Jacqueline Jules said...

Thanks for starting this discussion. I would have been surprised by such an ending without a little forwarning. It would be hard to read an ending like this in a classroom. The students would be repeating it all day long. The home is more of an individual matter. It does sound like an amusing book for adults.

Jacqueline Jules
www.jacquelinejules.com

MotherReader said...

Web, I'm not uptight about words myself - "smartass" is even in my blog heading - but I know that whenever we slip with a less appropriate word around my 4yr old niece, she's repeating it instantly.

Jules, I'm with you on explaining things to my kids and how we use words and such. But then how to explain that the word IS used in a picture book? And it's not that it's a name for a donkey, but that the very reason it's funny in the context is because it can also be inappropriate. Where as when Tink calls Peter an ass, it's done without irony or snark - it's a affectation of the time.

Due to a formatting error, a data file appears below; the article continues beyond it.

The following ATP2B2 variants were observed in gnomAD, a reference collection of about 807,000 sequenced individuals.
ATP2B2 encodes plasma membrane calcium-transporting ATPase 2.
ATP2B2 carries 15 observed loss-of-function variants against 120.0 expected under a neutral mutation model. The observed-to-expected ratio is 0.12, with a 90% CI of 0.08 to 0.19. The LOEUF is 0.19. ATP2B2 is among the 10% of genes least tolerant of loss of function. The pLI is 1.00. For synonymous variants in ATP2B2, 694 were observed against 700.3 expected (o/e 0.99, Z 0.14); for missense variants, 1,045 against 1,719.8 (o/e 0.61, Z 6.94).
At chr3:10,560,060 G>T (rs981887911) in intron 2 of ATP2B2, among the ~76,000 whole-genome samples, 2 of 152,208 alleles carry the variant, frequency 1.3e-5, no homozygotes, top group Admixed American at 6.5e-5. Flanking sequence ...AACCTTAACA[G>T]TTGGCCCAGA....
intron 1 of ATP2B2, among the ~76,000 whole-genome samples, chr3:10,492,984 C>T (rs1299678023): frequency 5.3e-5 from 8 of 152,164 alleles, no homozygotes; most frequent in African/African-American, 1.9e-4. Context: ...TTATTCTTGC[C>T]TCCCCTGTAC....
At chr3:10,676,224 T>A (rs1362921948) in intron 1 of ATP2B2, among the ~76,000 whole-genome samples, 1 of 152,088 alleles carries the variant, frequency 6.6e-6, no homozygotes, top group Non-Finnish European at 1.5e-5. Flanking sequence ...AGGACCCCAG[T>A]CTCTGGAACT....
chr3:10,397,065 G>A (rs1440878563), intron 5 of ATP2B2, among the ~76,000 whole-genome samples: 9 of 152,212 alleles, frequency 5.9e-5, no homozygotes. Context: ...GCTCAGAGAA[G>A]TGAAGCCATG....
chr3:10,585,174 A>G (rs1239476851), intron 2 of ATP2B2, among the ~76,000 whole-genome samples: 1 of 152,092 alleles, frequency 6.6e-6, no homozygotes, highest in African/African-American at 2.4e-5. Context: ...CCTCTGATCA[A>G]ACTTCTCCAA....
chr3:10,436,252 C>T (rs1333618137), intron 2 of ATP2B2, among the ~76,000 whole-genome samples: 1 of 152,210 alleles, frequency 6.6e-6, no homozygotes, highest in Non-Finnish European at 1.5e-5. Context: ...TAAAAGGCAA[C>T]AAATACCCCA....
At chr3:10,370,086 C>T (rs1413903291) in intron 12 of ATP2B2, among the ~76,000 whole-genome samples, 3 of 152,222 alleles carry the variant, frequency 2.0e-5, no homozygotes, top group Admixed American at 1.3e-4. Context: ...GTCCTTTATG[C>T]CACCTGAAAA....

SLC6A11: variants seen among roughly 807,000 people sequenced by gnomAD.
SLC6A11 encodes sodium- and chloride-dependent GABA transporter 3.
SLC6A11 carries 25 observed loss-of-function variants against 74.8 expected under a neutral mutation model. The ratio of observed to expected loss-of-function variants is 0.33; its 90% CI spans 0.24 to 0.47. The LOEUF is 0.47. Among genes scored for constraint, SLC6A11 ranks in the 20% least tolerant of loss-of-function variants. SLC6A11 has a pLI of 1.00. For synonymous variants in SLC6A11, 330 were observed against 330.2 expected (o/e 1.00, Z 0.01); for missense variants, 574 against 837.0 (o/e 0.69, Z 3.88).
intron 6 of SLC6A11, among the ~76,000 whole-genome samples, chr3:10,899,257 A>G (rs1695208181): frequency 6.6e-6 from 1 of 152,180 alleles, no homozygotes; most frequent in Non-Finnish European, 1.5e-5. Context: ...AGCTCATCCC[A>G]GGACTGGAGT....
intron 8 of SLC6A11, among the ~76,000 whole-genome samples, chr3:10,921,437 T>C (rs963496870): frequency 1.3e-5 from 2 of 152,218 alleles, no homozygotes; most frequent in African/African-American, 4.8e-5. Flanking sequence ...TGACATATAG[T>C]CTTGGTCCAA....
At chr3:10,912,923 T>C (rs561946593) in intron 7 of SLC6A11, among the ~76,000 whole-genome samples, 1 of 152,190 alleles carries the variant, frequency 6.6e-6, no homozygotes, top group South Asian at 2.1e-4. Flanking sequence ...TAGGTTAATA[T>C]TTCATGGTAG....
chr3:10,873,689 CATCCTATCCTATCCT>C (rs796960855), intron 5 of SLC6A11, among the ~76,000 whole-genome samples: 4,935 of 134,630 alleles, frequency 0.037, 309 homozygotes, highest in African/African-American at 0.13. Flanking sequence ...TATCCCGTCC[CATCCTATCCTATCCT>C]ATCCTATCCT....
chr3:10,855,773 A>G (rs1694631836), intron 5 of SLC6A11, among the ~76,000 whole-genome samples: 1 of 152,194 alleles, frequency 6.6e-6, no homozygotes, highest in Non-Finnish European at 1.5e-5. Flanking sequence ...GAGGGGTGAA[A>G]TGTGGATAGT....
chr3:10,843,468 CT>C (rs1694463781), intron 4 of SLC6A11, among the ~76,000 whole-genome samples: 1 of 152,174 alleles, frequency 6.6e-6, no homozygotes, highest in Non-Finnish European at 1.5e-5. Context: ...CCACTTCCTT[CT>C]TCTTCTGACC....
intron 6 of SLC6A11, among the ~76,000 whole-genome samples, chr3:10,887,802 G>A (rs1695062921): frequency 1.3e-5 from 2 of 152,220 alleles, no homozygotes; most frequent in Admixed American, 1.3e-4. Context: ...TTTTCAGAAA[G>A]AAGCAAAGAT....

I do agree that it is a well-designed, interesting picture book with a bit of social commentary on our reliance of an electronic age. So I guess my question would be, why not leave it at that? Why invite the controversy for controversy's sake?

EM, I do think adults find it funny, but in some ways that comes to the core about what can be wrong with the kidlit industry/reviewers/awards - we can get so caught up in the Art of it, that we lose the thread of whether it is serving its purpose as a children's book. If we're saying that this is a book that Lane Smith wrote for grown-ups, does that change our sense of what a "picture book" is?

Jules, so there's another question. Did he intend to write a picture book for adults?

Jac., yes what you said about the classroom is what gives me pause and makes me feel that revealing the ending is an important part of reviewing the book.

tanita davis said...